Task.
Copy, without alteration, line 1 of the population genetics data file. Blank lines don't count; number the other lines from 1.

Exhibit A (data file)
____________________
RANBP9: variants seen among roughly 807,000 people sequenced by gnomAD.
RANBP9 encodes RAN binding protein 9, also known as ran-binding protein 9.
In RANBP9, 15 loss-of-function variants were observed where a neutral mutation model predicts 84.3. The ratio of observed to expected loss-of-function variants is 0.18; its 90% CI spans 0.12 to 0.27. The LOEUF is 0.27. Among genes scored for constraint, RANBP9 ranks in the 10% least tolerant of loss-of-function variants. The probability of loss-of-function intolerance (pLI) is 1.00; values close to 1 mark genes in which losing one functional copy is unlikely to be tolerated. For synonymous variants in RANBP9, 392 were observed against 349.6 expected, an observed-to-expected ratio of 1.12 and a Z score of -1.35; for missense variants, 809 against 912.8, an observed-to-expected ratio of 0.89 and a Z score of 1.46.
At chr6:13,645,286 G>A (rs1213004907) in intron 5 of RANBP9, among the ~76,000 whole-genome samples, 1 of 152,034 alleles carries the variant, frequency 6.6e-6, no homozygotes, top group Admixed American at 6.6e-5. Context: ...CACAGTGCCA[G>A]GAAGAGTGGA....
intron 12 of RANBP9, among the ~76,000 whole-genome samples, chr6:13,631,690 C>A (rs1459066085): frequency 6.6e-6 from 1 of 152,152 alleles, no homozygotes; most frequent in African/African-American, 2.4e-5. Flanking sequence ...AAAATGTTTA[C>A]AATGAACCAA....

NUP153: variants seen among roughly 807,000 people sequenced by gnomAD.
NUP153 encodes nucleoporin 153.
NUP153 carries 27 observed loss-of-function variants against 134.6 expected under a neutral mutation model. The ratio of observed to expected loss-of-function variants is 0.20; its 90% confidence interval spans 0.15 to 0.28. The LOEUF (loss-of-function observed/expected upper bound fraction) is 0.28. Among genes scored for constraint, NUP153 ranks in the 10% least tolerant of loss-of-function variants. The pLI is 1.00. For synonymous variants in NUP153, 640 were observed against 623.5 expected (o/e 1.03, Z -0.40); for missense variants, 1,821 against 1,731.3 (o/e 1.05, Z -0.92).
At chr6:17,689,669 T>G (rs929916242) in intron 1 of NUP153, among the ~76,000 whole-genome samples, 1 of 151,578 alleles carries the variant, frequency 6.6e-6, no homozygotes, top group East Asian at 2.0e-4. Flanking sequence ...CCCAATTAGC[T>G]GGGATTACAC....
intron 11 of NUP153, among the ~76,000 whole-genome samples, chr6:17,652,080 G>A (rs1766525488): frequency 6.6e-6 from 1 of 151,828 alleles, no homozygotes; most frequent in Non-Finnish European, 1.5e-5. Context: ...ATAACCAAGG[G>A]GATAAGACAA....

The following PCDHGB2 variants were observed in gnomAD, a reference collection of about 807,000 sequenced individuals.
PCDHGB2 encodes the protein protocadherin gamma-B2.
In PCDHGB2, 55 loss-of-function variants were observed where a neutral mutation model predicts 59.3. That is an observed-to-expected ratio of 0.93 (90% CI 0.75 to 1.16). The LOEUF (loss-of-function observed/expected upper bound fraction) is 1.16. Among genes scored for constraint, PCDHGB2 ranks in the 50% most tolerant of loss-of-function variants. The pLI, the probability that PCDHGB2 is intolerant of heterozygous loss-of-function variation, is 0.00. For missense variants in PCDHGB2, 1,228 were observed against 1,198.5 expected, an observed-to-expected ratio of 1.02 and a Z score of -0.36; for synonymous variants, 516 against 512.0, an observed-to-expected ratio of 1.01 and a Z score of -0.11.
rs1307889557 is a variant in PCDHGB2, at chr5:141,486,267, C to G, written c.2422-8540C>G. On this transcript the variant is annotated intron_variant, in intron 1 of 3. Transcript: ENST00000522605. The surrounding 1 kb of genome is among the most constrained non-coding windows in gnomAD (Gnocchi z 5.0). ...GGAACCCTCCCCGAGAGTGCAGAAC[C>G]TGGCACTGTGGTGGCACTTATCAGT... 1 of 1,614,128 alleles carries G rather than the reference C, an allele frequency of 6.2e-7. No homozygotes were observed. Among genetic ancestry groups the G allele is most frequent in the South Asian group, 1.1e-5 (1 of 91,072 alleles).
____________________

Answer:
RANBP9: variants seen among roughly 807,000 people sequenced by gnomAD.